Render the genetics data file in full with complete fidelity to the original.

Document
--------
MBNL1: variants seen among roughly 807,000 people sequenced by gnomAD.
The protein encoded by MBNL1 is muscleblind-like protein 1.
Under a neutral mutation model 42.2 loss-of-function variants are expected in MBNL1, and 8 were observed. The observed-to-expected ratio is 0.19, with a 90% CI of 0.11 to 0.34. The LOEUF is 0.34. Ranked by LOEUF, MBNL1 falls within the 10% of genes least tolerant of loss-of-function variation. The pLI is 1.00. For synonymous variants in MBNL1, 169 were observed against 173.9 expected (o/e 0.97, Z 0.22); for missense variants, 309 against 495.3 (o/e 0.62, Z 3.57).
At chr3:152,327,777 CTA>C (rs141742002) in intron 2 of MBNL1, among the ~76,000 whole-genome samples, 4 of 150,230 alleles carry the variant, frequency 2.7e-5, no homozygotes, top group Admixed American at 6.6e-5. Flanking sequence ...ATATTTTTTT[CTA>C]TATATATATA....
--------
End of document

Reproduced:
MBNL1: variants seen among roughly 807,000 people sequenced by gnomAD.
The protein encoded by MBNL1 is muscleblind-like protein 1.
Under a neutral mutation model 42.2 loss-of-function variants are expected in MBNL1, and 8 were observed. The observed-to-expected ratio is 0.19, with a 90% CI of 0.11 to 0.34. The LOEUF is 0.34. Ranked by LOEUF, MBNL1 falls within the 10% of genes least tolerant of loss-of-function variation. The pLI is 1.00. For synonymous variants in MBNL1, 169 were observed against 173.9 expected (o/e 0.97, Z 0.22); for missense variants, 309 against 495.3 (o/e 0.62, Z 3.57).
At chr3:152,327,777 CTA>C (rs141742002) in intron 2 of MBNL1, among the ~76,000 whole-genome samples, 4 of 150,230 alleles carry the variant, frequency 2.7e-5, no homozygotes, top group Admixed American at 6.6e-5. Flanking sequence ...ATATTTTTTT[CTA>C]TATATATATA....